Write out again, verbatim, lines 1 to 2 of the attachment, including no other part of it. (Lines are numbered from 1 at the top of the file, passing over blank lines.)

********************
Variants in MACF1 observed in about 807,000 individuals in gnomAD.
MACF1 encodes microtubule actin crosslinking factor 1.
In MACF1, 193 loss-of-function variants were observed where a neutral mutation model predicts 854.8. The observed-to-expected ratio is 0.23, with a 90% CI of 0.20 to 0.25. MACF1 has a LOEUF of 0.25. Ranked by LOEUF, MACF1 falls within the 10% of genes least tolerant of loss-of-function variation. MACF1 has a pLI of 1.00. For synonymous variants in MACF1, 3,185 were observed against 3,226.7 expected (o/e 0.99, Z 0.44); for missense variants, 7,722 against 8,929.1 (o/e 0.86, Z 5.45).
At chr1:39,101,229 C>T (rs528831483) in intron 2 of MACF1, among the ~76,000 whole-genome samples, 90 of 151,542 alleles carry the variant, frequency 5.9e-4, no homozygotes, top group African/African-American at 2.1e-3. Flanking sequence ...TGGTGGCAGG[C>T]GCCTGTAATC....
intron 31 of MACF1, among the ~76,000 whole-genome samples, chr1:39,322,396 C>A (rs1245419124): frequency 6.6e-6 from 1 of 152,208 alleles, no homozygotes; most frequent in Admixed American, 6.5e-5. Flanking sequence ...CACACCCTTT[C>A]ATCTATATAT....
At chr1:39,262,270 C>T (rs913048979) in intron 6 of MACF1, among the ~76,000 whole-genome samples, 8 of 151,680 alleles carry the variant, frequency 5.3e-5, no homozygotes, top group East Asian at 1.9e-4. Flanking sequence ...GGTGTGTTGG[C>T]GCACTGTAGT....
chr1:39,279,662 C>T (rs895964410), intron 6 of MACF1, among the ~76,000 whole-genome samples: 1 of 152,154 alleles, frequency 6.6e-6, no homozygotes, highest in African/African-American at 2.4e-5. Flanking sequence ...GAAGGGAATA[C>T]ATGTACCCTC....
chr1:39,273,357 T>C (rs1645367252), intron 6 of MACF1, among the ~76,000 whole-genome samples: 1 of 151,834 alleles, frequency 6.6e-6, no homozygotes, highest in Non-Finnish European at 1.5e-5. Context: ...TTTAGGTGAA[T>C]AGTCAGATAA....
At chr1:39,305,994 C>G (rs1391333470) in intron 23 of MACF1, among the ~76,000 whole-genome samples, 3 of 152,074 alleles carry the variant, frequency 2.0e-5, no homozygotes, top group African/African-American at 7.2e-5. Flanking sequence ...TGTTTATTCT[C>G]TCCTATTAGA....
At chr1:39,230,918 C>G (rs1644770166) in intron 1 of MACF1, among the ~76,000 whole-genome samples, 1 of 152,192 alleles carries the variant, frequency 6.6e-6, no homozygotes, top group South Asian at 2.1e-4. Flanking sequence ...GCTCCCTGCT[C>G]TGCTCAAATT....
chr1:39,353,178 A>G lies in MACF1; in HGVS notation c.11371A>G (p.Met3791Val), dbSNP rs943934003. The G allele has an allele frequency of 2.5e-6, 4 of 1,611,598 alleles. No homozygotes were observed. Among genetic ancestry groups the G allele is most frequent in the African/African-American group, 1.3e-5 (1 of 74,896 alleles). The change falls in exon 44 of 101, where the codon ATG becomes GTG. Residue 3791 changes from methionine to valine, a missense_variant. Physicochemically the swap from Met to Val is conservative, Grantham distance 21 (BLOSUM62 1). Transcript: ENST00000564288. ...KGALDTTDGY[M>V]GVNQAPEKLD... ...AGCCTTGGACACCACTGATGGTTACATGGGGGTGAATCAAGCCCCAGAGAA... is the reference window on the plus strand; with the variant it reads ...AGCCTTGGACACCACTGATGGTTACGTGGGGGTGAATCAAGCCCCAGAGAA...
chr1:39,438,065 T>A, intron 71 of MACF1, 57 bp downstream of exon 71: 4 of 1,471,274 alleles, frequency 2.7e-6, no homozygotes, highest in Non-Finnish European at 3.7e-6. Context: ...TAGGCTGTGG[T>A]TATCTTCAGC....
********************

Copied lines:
Variants in MACF1 observed in about 807,000 individuals in gnomAD.
MACF1 encodes microtubule actin crosslinking factor 1.